Pronghorns were brought to scientific notice by the Lewis and Clark Expedition, which found them in what is now South Dakota, USA. The range extends from southern Saskatchewan and Alberta in Canada south through the United States (southwestern Minnesota and central Texas west to coastal southern California and northern Baja California Sur, to Sonora and San Luis Potosí in northern Mexico.

Pronghorns form mixed-sex herds in the winter. In early spring the herds break up with young males forming bachelor groups, females forming their groups and adult males living a solitary life.  There are female bands which share the same summer range and bachelor male bands form between spring and fall. Females form dominance hierarchies with few circular relationships.  Dominant females will aggressively displace other females from feeding sights.

Adult male pronghorns employ two different mating strategies during the breeding season. A pronghorn male will defend a fixed territory that females may enter or it might defend a harem of females. A pronghorn may change mating strategies depending on environmental or demographic conditions. In areas that have high precipitation, adult male pronghorn tend to be territorial and maintain their territories with scent marking, vocalizing and challenging intruders.  In these systems, territorial males have access to better resources than bachelor males. [20] Females also employ different mating strategies. “Sampling” females visit several males, remain with each male a short time, and switch between males at an increased rate as estrus approaches. “Inciting” females behave as samplers until estrus; then they move away from the male, inciting fights and other aggressive competition. Inciting females watch the competition, and they always mate immediately with the winning male. “Quiet” females move to an isolated, peripheral location occupied by a single male, and remain with that male throughout estrus.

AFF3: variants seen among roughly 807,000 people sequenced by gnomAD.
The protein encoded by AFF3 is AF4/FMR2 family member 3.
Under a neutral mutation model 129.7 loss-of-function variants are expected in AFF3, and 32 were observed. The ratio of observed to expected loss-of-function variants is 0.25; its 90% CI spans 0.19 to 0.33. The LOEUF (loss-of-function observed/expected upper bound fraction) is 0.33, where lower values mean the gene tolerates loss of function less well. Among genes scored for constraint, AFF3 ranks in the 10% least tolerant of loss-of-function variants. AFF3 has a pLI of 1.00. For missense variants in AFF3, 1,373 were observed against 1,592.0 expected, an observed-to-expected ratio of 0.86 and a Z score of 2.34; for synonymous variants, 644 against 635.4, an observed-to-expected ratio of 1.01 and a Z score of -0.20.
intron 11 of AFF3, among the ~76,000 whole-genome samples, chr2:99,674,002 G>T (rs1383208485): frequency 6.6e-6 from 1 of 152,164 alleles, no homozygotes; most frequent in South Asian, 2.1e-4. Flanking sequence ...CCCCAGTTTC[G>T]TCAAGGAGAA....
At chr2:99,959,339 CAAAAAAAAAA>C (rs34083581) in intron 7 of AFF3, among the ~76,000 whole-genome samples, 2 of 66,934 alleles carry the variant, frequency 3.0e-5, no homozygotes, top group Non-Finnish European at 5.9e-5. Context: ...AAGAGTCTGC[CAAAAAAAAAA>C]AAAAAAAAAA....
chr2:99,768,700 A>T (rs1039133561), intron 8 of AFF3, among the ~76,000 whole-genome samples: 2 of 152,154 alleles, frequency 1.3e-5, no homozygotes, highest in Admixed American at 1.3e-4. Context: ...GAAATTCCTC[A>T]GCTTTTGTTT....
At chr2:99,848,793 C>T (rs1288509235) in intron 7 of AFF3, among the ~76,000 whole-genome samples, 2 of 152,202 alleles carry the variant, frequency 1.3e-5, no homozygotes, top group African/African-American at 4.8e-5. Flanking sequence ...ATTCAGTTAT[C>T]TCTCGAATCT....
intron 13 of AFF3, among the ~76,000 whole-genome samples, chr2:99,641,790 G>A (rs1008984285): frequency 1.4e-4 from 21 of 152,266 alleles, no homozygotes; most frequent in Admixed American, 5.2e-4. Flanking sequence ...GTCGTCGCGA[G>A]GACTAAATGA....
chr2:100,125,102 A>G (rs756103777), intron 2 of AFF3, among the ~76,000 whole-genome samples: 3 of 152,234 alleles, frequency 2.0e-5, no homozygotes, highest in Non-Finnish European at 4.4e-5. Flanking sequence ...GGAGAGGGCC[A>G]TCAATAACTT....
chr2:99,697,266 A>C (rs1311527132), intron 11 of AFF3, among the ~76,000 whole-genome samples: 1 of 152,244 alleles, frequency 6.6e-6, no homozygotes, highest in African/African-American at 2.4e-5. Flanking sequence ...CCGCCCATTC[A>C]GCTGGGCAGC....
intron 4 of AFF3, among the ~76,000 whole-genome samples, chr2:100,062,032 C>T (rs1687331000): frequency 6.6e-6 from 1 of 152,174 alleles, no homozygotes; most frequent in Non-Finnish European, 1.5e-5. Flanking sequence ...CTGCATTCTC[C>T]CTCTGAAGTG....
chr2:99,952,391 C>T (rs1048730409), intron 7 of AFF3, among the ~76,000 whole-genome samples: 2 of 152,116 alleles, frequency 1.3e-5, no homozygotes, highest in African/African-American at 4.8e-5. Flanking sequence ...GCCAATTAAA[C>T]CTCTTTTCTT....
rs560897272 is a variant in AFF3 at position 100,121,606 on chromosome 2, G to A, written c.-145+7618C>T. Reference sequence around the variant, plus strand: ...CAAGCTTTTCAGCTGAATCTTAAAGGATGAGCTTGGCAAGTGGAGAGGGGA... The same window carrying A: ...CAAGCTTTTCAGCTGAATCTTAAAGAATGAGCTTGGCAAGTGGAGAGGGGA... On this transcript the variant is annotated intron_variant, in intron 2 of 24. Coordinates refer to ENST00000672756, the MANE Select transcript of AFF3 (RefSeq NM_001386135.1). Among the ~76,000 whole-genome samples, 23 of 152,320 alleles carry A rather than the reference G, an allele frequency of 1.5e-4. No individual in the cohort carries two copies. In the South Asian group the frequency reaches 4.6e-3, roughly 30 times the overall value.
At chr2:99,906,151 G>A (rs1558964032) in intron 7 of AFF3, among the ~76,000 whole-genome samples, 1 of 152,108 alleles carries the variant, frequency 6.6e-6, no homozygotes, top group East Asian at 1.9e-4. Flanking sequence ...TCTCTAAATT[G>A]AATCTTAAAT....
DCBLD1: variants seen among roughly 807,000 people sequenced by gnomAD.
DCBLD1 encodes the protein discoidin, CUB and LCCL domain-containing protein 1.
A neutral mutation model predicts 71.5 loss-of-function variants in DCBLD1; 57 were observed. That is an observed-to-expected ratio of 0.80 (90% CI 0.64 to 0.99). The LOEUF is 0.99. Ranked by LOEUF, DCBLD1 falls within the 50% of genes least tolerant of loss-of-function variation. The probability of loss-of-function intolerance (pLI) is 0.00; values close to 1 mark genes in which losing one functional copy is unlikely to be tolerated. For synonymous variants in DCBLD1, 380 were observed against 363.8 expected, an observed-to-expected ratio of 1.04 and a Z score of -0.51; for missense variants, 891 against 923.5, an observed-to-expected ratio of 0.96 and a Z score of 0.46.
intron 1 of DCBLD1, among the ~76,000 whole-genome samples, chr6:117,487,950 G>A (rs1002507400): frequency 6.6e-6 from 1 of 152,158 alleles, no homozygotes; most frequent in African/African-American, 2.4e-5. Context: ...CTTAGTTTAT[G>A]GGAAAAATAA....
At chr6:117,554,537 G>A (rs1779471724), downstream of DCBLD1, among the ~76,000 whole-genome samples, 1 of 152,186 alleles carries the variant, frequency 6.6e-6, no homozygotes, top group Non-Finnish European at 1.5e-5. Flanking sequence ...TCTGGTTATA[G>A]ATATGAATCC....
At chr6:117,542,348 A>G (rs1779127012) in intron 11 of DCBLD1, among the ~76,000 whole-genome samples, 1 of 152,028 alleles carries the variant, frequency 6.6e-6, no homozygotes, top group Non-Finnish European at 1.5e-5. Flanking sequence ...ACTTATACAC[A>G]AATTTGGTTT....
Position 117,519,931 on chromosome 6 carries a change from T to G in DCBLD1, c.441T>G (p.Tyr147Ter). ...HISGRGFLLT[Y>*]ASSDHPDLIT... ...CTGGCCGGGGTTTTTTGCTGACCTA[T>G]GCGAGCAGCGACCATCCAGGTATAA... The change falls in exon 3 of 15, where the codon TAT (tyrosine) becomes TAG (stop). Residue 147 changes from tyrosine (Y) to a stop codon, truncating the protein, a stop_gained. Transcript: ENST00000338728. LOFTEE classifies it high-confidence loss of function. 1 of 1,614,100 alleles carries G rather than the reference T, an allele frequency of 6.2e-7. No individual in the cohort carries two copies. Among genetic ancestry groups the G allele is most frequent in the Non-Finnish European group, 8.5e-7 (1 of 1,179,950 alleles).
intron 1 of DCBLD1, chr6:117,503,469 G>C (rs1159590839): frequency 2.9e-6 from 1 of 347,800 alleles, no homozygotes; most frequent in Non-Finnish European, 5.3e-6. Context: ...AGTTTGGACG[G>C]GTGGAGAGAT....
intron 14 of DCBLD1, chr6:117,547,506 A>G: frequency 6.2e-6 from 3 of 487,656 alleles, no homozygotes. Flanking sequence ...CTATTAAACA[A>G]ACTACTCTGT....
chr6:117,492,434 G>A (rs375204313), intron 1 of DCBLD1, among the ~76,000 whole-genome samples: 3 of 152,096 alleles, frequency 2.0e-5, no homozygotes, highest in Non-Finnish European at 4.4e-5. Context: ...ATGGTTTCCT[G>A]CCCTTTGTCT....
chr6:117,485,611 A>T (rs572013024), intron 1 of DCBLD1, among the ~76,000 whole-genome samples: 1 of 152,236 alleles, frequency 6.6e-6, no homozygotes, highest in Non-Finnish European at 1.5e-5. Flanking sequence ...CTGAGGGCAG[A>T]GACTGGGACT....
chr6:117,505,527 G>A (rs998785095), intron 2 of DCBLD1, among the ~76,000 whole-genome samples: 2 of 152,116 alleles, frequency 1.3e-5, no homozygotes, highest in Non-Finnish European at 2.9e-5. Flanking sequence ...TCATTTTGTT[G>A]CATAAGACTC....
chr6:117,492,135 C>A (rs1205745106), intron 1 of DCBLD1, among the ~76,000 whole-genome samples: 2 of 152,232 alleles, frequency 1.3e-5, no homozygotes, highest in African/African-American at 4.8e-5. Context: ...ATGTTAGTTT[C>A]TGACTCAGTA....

All three female mating behaviors have advantages for the herd, and have helped to make the Pronhorn a strong survivor of the post-ice age thaw.

Pronghorns have a gestation period of 235 days, longer than is typical for North American ungulates. They breed in mid-September, and the doe carries her fawn until late May. This is around six weeks longer than the white-tailed deer. Newborn Pronghorns weigh 2--4 kg, most commonly 3 kg. In their first 21-26 days, a fawn spends time hiding in vegetation.  Fawns interact with their mothers for only 20-25 minutes a day and this continues even when the fawn joins a nursery. The females nurse, groom, distract predators and lead their young to food and water.  Males are weaned 2-3 weeks earlier than females.  Sexual maturity is reached at 15 to 16 months, though males rarely breed until 3 years old. The longevity is typically up to 10 years, rarely 15 years.